America's 200 Largest Yachts 2001

America’s 200 Largest Yachts — 2001
Break out your rulers; Here’s our annual rundown of the largest megabeauties owned by Americans.

By Diane M. Byrne

 More of this Feature
• Intro
• 1-15
• 16-30
• 31-45
• 46-60
• 61-75
• 76-90
• 91-105
• 106-120
• 121-135
• 136-150
• 151-165
• 166-180
• 181-195
• 196-200
• Yacht Spotter

 Related Resources
• Megayacht Feature Index

Late this summer thousands of people across the country with a dollar and a dream caught Powerball fever. Even though the odds of winning the nearly $300-million jackpot were about 80 million to 1, that didn't deter them from standing in lines that snaked down blocks or even from driving hours to one of the 21 participating states for their chance at the windfall.

And who can blame them? Even after taxes, there would still be plenty of millions left over to buy--as Elmer Fudd so eloquently put it--a mansion and a yacht. Or take that long-dreamed-of cruise through the Caribbean. Or all of the above.

· Whether you're that lucky Powerball winner or looking for general help in spending your money, here are a few suggestions:

· For enterprising trips to the South Pacific and endless globetrotting, you can buy Dream, the three-year-old, 184-foot expedition yacht, for just shy of $19 million.

· If you crave that new-yacht smell but don't want to wait the two-plus years it takes to commission one, consider a spec yacht. Intermarine Savannah's largest to date, its new 145, is available for $18 million.

· Disappointed that you can't make it to Monte Carlo for the holidays? Then charter the 132-foot Monte Carlo to pick you up in the Caribbean for a two-week getaway. Heck, given her $69,000-per-week fee for that period, charter her for a month.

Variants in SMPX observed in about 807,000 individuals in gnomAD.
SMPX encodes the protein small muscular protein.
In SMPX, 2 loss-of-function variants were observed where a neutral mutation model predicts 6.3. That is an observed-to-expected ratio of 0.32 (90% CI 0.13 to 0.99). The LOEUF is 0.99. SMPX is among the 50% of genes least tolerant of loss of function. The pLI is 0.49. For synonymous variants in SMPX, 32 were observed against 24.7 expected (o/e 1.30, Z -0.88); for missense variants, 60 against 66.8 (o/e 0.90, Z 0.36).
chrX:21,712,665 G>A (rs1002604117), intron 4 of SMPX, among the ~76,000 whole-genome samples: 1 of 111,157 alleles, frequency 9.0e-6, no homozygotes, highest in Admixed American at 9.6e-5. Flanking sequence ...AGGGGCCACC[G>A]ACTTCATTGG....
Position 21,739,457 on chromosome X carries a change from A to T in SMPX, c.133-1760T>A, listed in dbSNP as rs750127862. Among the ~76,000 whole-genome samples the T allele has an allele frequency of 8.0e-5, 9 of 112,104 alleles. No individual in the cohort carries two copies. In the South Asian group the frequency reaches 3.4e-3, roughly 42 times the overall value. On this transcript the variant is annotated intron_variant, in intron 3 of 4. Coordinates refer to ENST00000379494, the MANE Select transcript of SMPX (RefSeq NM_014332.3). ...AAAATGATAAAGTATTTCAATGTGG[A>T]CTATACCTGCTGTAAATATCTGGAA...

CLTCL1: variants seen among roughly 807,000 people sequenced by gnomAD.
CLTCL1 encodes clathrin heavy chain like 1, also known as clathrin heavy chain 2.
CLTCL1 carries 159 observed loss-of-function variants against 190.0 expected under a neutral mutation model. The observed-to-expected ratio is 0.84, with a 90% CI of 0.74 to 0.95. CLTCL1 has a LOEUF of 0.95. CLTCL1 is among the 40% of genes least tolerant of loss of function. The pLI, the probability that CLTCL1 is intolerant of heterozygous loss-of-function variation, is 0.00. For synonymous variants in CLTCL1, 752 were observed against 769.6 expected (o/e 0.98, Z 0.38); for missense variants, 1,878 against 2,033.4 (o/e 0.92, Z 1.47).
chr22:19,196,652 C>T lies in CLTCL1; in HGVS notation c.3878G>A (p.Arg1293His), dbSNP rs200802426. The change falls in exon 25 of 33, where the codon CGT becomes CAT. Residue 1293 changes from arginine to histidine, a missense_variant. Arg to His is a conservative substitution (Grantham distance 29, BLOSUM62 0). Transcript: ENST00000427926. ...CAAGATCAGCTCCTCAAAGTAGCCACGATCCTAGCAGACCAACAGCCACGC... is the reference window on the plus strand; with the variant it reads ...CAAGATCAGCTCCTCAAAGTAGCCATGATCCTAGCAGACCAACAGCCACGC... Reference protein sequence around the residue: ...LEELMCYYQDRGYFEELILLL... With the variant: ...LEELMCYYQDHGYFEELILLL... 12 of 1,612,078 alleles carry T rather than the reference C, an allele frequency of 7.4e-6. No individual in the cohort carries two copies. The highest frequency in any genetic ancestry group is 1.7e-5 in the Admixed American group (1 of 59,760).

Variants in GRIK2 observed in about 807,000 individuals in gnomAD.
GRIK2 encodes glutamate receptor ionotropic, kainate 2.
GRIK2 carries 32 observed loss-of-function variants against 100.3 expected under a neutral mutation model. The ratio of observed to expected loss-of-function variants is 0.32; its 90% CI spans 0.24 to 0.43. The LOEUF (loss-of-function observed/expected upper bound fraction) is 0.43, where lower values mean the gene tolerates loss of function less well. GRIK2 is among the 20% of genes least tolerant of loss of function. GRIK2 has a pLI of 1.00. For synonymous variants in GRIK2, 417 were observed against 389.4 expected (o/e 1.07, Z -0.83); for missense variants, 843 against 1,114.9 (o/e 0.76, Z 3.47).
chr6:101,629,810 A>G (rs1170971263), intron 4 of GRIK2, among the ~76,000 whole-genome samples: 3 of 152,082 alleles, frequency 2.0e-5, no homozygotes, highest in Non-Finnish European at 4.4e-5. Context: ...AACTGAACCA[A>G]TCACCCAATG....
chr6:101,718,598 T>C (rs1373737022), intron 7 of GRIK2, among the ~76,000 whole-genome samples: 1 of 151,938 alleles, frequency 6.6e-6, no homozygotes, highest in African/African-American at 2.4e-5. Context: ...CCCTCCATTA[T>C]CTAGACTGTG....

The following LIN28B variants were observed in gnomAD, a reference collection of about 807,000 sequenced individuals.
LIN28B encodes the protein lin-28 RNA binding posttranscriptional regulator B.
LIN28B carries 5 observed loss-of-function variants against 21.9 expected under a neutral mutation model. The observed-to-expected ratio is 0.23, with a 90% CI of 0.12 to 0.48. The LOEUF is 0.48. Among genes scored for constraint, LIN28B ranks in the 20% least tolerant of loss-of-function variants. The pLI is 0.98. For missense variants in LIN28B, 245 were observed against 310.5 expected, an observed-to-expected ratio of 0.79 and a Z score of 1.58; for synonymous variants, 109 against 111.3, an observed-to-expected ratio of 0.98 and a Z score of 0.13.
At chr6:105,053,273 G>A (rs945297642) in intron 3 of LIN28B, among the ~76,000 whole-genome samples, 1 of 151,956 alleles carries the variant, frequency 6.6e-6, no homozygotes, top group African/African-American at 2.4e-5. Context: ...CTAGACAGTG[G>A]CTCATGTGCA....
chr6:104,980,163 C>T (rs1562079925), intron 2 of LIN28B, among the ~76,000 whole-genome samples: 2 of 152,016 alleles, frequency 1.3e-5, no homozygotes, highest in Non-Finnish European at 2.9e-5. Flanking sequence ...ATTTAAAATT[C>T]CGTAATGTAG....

· If all else fails, stick a few large bills in an envelope and mail them to us; we promise to find them a home.

What other options are there? You'll just have to read through all of this, our annual listing of "America's 200 Largest Yachts," to find out. As we do every year, we've included the LOA and year built after each name (where two dates are given, the second is a refit date when significant structural changes were made). Construction details use the following code: B for builder, N for naval architect, H for hull material, and E for engines. New launches are in blue.

Remember, most of these owners started with just a dollar and a dream.

Next page > Top 200: 1-15 > Page 1, 2, 3, 4, 5, 6, 7, 8, 9, 10, 11, 12, 13, 14, 15, 16

This article originally appeared in the January 2003 issue of Power & Motoryacht magazine.

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